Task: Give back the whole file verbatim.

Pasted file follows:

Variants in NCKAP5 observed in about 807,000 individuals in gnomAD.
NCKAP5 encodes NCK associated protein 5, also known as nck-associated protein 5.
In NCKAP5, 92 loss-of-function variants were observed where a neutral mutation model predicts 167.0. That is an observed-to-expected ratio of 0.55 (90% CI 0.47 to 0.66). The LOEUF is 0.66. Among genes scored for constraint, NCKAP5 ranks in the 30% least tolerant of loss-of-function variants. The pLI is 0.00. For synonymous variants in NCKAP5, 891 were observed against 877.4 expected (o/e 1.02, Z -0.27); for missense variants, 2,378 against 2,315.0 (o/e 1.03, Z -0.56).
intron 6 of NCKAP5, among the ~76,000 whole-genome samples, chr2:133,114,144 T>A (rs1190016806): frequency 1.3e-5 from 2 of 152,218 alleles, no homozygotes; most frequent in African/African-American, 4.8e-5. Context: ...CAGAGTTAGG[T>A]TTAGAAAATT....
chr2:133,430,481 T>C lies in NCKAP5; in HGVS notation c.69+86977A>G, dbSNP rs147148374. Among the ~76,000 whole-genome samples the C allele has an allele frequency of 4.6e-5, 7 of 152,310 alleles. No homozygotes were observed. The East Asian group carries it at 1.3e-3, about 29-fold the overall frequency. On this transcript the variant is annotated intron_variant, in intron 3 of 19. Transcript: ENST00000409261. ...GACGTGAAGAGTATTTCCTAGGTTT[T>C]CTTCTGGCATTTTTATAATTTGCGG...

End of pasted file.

Variants in NCKAP5 observed in about 807,000 individuals in gnomAD.
NCKAP5 encodes NCK associated protein 5, also known as nck-associated protein 5.
In NCKAP5, 92 loss-of-function variants were observed where a neutral mutation model predicts 167.0. That is an observed-to-expected ratio of 0.55 (90% CI 0.47 to 0.66). The LOEUF is 0.66. Among genes scored for constraint, NCKAP5 ranks in the 30% least tolerant of loss-of-function variants. The pLI is 0.00. For synonymous variants in NCKAP5, 891 were observed against 877.4 expected (o/e 1.02, Z -0.27); for missense variants, 2,378 against 2,315.0 (o/e 1.03, Z -0.56).
intron 6 of NCKAP5, among the ~76,000 whole-genome samples, chr2:133,114,144 T>A (rs1190016806): frequency 1.3e-5 from 2 of 152,218 alleles, no homozygotes; most frequent in African/African-American, 4.8e-5. Context: ...CAGAGTTAGG[T>A]TTAGAAAATT....
chr2:133,430,481 T>C lies in NCKAP5; in HGVS notation c.69+86977A>G, dbSNP rs147148374. Among the ~76,000 whole-genome samples the C allele has an allele frequency of 4.6e-5, 7 of 152,310 alleles. No homozygotes were observed. The East Asian group carries it at 1.3e-3, about 29-fold the overall frequency. On this transcript the variant is annotated intron_variant, in intron 3 of 19. Transcript: ENST00000409261. ...GACGTGAAGAGTATTTCCTAGGTTT[T>C]CTTCTGGCATTTTTATAATTTGCGG...